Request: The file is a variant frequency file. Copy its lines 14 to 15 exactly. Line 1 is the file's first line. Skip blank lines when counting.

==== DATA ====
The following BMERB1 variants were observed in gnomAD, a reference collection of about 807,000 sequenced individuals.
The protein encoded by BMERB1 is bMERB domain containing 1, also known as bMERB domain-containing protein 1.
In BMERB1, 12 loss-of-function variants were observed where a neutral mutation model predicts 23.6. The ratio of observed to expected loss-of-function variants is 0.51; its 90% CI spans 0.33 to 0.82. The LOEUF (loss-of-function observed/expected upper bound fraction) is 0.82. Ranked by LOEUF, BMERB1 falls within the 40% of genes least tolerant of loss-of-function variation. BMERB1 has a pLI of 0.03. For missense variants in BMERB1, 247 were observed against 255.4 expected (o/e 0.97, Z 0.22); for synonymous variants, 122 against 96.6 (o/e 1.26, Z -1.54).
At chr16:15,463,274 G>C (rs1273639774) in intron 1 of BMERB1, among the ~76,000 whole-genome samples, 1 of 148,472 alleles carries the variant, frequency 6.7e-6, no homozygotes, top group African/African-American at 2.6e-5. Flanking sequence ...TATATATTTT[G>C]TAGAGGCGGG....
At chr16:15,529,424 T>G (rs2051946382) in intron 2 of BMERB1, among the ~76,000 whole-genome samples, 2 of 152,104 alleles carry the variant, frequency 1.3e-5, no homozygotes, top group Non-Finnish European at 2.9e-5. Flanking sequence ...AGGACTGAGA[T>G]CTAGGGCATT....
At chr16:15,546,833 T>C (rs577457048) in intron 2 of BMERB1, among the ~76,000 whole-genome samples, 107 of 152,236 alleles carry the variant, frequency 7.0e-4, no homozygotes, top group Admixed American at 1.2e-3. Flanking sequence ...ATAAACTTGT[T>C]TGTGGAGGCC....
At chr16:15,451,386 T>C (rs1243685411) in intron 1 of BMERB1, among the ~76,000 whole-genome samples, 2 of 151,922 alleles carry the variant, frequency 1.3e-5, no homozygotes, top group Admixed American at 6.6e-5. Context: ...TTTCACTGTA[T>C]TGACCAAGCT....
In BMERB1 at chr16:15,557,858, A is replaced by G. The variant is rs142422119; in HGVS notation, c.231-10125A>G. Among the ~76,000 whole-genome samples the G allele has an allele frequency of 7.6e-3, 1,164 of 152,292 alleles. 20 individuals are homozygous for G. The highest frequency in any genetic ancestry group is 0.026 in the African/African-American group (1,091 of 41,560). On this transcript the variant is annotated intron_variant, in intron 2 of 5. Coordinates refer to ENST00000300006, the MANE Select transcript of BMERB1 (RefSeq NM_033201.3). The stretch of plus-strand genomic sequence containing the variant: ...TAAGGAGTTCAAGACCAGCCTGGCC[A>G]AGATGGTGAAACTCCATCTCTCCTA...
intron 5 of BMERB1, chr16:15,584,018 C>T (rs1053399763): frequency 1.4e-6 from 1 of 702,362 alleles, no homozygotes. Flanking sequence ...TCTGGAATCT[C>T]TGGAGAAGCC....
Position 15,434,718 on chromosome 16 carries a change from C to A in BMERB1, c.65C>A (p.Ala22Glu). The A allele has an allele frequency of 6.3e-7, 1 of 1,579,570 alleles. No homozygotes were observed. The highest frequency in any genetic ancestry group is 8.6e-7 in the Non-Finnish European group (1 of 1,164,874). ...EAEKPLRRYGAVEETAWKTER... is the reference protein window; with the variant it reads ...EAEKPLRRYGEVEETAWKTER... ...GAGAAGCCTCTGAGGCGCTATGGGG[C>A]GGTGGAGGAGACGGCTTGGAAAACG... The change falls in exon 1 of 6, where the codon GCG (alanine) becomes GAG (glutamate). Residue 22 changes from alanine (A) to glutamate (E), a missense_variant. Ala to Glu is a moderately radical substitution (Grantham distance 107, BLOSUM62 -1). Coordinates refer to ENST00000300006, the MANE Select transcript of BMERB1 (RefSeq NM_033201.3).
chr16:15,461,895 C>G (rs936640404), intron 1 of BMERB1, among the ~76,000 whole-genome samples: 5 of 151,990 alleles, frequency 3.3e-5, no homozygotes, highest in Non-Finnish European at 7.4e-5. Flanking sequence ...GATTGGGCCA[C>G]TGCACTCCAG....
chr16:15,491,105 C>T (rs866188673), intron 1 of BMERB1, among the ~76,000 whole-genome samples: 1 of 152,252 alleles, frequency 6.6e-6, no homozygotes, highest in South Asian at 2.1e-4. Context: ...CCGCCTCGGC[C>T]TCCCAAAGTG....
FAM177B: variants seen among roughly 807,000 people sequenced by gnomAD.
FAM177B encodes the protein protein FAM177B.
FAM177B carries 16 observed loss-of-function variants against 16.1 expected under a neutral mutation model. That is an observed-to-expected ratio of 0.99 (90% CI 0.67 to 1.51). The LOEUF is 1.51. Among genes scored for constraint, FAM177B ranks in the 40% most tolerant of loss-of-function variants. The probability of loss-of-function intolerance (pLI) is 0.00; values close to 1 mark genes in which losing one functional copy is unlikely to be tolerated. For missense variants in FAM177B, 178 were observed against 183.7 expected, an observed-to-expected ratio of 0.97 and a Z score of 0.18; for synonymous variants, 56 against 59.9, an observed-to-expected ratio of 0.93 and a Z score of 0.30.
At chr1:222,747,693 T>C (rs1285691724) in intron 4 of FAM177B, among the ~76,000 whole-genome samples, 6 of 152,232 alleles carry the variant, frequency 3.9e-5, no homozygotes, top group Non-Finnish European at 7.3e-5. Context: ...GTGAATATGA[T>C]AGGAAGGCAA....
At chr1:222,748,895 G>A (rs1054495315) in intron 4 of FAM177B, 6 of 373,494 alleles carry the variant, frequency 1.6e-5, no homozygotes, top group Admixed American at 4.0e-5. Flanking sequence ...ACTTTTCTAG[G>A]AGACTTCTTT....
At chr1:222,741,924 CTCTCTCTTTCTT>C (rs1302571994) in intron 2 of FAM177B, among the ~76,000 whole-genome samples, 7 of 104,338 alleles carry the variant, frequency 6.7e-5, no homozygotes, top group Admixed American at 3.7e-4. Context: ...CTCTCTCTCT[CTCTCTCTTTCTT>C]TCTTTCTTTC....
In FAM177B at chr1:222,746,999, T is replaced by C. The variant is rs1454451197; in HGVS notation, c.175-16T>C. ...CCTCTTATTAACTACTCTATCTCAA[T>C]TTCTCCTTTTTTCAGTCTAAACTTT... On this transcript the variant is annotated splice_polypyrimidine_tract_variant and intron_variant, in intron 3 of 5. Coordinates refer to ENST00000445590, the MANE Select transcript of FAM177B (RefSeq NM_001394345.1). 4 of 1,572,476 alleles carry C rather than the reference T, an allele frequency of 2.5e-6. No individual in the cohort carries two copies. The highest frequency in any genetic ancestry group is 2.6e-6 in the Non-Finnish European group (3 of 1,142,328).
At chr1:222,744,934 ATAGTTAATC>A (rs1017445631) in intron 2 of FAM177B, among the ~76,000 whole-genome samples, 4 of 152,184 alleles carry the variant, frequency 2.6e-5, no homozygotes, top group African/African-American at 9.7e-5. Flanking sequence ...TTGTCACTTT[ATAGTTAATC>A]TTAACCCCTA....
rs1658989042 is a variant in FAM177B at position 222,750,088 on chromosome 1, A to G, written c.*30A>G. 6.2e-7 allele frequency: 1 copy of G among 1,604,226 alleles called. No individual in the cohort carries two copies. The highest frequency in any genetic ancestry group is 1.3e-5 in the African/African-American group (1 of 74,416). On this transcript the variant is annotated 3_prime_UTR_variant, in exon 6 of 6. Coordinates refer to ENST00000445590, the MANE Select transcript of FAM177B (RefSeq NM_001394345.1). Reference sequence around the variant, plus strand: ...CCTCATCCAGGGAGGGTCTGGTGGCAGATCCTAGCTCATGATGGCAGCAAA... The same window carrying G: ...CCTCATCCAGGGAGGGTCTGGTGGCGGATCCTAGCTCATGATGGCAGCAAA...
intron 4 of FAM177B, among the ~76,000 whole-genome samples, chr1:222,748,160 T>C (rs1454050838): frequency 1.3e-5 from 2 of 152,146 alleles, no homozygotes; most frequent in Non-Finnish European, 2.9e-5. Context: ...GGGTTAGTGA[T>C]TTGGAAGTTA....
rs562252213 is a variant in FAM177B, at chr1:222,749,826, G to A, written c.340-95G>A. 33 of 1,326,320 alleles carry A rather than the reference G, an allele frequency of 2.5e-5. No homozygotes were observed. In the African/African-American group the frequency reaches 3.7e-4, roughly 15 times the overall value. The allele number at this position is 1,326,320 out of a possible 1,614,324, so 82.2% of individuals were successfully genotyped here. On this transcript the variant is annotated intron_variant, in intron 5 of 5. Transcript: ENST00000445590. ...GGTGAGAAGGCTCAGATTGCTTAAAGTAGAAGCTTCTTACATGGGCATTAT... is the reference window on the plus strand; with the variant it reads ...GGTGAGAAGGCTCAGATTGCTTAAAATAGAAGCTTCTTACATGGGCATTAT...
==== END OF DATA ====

FAM177B encodes the protein protein FAM177B.
FAM177B carries 16 observed loss-of-function variants against 16.1 expected under a neutral mutation model. That is an observed-to-expected ratio of 0.99 (90% CI 0.67 to 1.51). The LOEUF is 1.51. Among genes scored for constraint, FAM177B ranks in the 40% most tolerant of loss-of-function variants. The probability of loss-of-function intolerance (pLI) is 0.00; values close to 1 mark genes in which losing one functional copy is unlikely to be tolerated. For missense variants in FAM177B, 178 were observed against 183.7 expected, an observed-to-expected ratio of 0.97 and a Z score of 0.18; for synonymous variants, 56 against 59.9, an observed-to-expected ratio of 0.93 and a Z score of 0.30.